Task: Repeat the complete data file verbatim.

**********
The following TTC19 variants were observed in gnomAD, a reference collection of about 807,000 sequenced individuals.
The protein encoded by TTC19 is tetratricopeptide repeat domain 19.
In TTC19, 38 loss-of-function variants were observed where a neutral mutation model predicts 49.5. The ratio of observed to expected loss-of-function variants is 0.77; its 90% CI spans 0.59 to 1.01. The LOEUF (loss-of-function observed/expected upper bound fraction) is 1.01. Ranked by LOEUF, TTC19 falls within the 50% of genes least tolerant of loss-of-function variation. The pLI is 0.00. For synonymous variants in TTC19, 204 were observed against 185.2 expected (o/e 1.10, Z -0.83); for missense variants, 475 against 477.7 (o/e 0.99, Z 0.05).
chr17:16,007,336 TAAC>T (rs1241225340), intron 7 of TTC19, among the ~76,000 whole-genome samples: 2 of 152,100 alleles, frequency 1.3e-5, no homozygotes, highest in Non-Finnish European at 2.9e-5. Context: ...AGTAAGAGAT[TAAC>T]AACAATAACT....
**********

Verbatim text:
The following TTC19 variants were observed in gnomAD, a reference collection of about 807,000 sequenced individuals.
The protein encoded by TTC19 is tetratricopeptide repeat domain 19.
In TTC19, 38 loss-of-function variants were observed where a neutral mutation model predicts 49.5. The ratio of observed to expected loss-of-function variants is 0.77; its 90% CI spans 0.59 to 1.01. The LOEUF (loss-of-function observed/expected upper bound fraction) is 1.01. Ranked by LOEUF, TTC19 falls within the 50% of genes least tolerant of loss-of-function variation. The pLI is 0.00. For synonymous variants in TTC19, 204 were observed against 185.2 expected (o/e 1.10, Z -0.83); for missense variants, 475 against 477.7 (o/e 0.99, Z 0.05).
chr17:16,007,336 TAAC>T (rs1241225340), intron 7 of TTC19, among the ~76,000 whole-genome samples: 2 of 152,100 alleles, frequency 1.3e-5, no homozygotes, highest in Non-Finnish European at 2.9e-5. Context: ...AGTAAGAGAT[TAAC>T]AACAATAACT....